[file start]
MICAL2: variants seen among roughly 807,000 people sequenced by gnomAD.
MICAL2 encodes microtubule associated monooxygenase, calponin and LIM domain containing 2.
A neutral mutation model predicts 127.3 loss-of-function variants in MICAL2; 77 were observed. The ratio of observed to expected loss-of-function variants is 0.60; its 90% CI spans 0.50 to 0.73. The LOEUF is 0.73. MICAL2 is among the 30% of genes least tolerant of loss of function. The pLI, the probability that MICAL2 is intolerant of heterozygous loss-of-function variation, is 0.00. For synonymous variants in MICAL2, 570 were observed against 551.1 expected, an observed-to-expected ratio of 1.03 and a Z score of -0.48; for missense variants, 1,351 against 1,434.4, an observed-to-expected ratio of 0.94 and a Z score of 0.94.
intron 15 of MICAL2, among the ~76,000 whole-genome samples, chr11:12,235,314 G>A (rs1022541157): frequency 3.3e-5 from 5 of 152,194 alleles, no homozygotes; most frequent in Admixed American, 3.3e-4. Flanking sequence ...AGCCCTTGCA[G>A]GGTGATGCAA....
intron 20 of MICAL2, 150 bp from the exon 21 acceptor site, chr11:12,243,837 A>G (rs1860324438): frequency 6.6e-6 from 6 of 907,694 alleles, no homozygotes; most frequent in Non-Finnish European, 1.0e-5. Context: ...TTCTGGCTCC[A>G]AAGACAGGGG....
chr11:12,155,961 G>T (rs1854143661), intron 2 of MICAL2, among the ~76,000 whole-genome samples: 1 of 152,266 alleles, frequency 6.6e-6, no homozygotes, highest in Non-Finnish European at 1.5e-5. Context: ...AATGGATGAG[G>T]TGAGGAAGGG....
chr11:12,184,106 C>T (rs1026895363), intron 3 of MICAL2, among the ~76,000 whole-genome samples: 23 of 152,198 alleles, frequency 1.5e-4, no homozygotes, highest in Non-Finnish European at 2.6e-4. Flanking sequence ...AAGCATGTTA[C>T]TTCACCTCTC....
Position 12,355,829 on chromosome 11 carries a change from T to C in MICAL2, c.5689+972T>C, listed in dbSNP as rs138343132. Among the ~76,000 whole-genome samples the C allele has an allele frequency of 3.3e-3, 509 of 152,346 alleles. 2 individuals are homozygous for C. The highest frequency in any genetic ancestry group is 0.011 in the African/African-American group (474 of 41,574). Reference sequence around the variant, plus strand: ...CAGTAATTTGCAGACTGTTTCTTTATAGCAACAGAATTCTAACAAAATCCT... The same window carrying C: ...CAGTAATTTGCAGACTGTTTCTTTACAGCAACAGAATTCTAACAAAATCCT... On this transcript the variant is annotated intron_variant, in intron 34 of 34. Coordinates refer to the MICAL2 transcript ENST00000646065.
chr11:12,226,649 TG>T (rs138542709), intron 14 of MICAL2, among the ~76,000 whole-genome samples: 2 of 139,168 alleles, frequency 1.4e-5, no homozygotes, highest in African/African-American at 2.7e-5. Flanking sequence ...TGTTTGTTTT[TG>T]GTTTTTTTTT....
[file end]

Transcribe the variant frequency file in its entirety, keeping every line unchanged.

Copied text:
MICAL2: variants seen among roughly 807,000 people sequenced by gnomAD.
MICAL2 encodes microtubule associated monooxygenase, calponin and LIM domain containing 2.
A neutral mutation model predicts 127.3 loss-of-function variants in MICAL2; 77 were observed. The ratio of observed to expected loss-of-function variants is 0.60; its 90% CI spans 0.50 to 0.73. The LOEUF is 0.73. MICAL2 is among the 30% of genes least tolerant of loss of function. The pLI, the probability that MICAL2 is intolerant of heterozygous loss-of-function variation, is 0.00. For synonymous variants in MICAL2, 570 were observed against 551.1 expected, an observed-to-expected ratio of 1.03 and a Z score of -0.48; for missense variants, 1,351 against 1,434.4, an observed-to-expected ratio of 0.94 and a Z score of 0.94.
intron 15 of MICAL2, among the ~76,000 whole-genome samples, chr11:12,235,314 G>A (rs1022541157): frequency 3.3e-5 from 5 of 152,194 alleles, no homozygotes; most frequent in Admixed American, 3.3e-4. Flanking sequence ...AGCCCTTGCA[G>A]GGTGATGCAA....
intron 20 of MICAL2, 150 bp from the exon 21 acceptor site, chr11:12,243,837 A>G (rs1860324438): frequency 6.6e-6 from 6 of 907,694 alleles, no homozygotes; most frequent in Non-Finnish European, 1.0e-5. Context: ...TTCTGGCTCC[A>G]AAGACAGGGG....
chr11:12,155,961 G>T (rs1854143661), intron 2 of MICAL2, among the ~76,000 whole-genome samples: 1 of 152,266 alleles, frequency 6.6e-6, no homozygotes, highest in Non-Finnish European at 1.5e-5. Context: ...AATGGATGAG[G>T]TGAGGAAGGG....
chr11:12,184,106 C>T (rs1026895363), intron 3 of MICAL2, among the ~76,000 whole-genome samples: 23 of 152,198 alleles, frequency 1.5e-4, no homozygotes, highest in Non-Finnish European at 2.6e-4. Flanking sequence ...AAGCATGTTA[C>T]TTCACCTCTC....
Position 12,355,829 on chromosome 11 carries a change from T to C in MICAL2, c.5689+972T>C, listed in dbSNP as rs138343132. Among the ~76,000 whole-genome samples the C allele has an allele frequency of 3.3e-3, 509 of 152,346 alleles. 2 individuals are homozygous for C. The highest frequency in any genetic ancestry group is 0.011 in the African/African-American group (474 of 41,574). Reference sequence around the variant, plus strand: ...CAGTAATTTGCAGACTGTTTCTTTATAGCAACAGAATTCTAACAAAATCCT... The same window carrying C: ...CAGTAATTTGCAGACTGTTTCTTTACAGCAACAGAATTCTAACAAAATCCT... On this transcript the variant is annotated intron_variant, in intron 34 of 34. Coordinates refer to the MICAL2 transcript ENST00000646065.
chr11:12,226,649 TG>T (rs138542709), intron 14 of MICAL2, among the ~76,000 whole-genome samples: 2 of 139,168 alleles, frequency 1.4e-5, no homozygotes, highest in African/African-American at 2.7e-5. Flanking sequence ...TGTTTGTTTT[TG>T]GTTTTTTTTT....